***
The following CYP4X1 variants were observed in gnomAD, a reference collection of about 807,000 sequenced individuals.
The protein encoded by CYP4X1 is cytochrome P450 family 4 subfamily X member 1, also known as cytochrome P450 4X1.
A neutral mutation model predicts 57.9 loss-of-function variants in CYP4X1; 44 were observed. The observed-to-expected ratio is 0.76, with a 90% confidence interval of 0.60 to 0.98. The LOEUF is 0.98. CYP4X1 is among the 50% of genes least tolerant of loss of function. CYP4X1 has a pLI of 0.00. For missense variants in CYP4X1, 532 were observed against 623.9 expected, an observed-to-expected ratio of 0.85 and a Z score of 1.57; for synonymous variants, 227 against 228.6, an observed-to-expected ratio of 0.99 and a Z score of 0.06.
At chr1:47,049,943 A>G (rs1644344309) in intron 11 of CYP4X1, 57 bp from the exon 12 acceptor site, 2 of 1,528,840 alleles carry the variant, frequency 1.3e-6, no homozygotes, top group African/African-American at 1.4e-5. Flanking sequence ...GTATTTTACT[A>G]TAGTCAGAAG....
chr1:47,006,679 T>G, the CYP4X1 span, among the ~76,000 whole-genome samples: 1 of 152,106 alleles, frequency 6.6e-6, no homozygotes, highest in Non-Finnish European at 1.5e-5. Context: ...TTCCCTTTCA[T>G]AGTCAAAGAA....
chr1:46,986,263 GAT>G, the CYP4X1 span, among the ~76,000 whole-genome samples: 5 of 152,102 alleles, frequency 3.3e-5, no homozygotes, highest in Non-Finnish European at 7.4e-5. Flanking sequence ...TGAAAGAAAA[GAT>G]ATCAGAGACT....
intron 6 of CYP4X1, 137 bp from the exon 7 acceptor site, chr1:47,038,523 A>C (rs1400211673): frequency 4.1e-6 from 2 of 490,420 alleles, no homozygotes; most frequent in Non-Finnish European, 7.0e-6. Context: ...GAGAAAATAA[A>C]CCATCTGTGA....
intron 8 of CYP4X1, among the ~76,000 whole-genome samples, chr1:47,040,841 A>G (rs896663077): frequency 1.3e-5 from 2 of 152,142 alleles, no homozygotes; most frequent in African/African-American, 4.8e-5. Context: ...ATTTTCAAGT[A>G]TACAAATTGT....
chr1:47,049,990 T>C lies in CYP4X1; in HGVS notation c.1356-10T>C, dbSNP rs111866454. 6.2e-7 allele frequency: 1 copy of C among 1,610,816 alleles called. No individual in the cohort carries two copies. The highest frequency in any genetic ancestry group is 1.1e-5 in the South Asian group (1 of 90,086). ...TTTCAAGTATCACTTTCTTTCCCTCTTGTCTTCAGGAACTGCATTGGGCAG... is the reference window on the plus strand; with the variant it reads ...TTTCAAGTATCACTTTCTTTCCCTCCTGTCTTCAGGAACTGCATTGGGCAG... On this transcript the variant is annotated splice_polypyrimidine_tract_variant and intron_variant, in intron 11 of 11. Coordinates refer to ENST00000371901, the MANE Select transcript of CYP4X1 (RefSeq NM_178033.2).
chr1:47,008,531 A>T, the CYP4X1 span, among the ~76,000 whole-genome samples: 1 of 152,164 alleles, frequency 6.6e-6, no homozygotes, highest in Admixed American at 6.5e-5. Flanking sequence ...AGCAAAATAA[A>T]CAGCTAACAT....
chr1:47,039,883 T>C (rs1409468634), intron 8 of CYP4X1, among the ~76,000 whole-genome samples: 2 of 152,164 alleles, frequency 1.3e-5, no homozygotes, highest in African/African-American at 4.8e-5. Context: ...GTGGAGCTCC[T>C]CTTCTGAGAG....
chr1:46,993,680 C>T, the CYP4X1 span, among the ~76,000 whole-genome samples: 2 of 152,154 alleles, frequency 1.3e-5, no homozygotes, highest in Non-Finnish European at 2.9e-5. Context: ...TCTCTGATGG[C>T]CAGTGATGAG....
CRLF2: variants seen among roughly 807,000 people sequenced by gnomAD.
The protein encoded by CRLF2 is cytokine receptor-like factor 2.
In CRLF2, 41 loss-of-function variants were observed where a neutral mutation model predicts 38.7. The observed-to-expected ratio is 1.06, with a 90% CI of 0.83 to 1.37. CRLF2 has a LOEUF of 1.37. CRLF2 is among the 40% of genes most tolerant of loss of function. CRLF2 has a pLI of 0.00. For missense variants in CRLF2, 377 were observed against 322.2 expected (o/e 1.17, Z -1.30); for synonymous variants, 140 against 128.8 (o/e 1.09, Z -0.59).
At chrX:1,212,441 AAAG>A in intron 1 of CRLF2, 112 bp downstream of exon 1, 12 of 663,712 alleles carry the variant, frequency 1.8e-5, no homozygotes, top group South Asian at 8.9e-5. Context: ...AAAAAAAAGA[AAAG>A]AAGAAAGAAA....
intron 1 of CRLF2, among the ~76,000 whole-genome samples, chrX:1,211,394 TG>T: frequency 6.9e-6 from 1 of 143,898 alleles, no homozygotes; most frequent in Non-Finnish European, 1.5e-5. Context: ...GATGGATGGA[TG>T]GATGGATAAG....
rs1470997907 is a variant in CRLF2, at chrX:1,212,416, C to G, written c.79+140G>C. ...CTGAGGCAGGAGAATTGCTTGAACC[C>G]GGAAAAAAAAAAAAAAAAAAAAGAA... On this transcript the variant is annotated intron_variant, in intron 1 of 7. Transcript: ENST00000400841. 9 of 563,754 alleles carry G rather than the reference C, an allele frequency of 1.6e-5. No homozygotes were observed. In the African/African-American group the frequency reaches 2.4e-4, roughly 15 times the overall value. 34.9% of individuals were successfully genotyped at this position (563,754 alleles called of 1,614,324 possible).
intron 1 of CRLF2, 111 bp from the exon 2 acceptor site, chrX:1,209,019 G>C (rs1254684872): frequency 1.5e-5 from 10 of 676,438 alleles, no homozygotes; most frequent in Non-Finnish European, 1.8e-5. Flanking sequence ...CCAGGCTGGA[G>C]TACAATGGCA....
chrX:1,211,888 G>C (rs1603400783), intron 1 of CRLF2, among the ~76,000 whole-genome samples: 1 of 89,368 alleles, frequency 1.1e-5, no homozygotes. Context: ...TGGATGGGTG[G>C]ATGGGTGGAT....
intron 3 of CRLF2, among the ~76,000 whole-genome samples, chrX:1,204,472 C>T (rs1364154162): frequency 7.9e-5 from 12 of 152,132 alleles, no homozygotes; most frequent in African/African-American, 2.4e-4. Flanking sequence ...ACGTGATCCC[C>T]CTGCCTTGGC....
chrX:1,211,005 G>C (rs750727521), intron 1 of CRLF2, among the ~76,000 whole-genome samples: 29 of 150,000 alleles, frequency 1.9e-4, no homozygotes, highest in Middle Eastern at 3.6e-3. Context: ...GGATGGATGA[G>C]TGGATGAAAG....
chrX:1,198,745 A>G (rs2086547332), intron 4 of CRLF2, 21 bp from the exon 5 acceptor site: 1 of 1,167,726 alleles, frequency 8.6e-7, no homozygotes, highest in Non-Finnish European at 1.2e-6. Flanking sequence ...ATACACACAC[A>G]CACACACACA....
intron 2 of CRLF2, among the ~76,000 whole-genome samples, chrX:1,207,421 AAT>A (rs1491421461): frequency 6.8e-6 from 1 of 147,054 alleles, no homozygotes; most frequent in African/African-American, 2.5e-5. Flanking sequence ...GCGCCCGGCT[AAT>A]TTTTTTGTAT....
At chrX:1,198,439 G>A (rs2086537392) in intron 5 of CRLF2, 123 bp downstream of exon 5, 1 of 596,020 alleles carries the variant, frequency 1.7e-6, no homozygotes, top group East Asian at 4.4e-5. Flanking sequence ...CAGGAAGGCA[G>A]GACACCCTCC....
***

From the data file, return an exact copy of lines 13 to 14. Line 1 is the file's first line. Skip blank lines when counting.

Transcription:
CRLF2: variants seen among roughly 807,000 people sequenced by gnomAD.
The protein encoded by CRLF2 is cytokine receptor-like factor 2.